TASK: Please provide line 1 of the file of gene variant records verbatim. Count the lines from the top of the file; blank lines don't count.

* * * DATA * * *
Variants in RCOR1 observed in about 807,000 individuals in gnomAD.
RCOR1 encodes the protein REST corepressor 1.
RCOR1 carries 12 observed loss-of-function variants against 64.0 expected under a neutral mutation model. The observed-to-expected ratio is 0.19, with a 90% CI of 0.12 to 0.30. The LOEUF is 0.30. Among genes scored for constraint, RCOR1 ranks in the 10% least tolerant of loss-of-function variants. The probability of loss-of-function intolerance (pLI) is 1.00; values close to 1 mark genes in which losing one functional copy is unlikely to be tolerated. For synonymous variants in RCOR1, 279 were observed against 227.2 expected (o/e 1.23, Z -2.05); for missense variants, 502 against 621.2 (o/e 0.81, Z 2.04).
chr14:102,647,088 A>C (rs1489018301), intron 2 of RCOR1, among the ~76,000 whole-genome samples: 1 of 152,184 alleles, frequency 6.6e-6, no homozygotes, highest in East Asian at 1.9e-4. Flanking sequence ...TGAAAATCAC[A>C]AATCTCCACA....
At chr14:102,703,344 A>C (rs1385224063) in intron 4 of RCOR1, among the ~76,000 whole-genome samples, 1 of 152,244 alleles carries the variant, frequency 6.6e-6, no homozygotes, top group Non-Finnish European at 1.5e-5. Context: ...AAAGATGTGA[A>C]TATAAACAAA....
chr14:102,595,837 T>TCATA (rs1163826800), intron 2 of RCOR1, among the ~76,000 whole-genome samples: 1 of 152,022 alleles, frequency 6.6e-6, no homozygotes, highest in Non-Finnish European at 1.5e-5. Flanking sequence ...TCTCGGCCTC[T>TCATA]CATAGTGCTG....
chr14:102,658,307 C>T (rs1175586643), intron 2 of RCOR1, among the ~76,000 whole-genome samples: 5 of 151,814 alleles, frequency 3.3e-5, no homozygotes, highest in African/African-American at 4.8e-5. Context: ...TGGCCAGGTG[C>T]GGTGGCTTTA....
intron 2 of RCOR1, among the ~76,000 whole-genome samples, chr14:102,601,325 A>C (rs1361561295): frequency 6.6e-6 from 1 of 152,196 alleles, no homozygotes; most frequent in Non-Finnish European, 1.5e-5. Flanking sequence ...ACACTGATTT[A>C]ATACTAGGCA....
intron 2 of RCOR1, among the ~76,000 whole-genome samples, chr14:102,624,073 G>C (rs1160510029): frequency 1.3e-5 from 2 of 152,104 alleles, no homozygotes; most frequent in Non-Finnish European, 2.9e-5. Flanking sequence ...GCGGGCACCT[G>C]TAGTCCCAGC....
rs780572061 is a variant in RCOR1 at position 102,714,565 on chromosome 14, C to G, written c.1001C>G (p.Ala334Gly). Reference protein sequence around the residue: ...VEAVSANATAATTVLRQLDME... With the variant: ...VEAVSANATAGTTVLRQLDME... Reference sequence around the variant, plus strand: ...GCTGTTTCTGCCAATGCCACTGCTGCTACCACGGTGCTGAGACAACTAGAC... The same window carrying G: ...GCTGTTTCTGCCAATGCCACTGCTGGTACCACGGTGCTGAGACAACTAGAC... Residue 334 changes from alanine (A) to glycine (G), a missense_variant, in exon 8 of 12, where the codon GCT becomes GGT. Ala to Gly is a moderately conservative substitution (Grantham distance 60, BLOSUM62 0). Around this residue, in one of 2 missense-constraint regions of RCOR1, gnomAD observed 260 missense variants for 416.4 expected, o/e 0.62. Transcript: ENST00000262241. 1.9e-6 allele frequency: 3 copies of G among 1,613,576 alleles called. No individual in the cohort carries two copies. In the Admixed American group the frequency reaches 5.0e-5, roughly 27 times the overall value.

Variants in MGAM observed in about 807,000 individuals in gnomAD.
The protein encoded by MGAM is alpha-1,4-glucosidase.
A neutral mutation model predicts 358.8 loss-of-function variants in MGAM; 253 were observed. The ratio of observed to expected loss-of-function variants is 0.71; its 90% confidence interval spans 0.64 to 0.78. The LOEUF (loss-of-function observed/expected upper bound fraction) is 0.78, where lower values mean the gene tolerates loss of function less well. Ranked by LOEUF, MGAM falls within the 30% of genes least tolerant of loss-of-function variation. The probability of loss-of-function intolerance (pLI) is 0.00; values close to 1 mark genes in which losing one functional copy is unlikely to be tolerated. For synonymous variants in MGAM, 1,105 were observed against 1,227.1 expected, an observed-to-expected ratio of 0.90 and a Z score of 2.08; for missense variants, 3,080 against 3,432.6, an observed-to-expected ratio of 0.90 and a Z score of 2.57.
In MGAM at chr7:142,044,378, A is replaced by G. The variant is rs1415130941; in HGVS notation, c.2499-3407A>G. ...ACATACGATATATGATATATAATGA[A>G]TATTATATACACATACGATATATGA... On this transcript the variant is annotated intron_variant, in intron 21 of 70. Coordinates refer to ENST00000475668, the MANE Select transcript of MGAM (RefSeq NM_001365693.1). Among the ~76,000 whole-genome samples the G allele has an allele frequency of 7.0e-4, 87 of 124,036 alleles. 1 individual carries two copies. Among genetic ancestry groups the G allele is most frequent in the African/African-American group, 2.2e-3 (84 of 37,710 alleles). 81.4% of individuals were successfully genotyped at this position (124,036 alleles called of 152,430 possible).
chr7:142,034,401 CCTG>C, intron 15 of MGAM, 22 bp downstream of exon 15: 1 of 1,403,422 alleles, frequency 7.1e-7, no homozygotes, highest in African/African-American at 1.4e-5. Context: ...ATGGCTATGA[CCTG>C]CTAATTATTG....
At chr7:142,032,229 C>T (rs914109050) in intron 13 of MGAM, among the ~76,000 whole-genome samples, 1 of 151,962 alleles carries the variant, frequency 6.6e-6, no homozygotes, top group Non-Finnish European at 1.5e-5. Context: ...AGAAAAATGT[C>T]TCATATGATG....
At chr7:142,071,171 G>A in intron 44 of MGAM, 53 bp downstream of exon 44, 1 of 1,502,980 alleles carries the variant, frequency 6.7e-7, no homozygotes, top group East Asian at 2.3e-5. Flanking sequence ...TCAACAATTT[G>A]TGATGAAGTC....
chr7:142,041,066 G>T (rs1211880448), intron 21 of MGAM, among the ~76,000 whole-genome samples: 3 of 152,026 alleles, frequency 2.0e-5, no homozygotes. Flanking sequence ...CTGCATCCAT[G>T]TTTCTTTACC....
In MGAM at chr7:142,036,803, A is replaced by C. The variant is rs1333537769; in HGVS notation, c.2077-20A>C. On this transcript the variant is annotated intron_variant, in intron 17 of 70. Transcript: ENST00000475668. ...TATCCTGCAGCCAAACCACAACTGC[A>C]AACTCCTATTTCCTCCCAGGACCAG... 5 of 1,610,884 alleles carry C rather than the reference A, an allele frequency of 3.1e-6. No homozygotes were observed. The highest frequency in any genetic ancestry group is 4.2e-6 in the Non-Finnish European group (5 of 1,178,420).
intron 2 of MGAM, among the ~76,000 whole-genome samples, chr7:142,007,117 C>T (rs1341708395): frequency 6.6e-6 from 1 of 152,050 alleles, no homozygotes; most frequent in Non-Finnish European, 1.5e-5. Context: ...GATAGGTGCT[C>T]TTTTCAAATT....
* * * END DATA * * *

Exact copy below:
Variants in RCOR1 observed in about 807,000 individuals in gnomAD.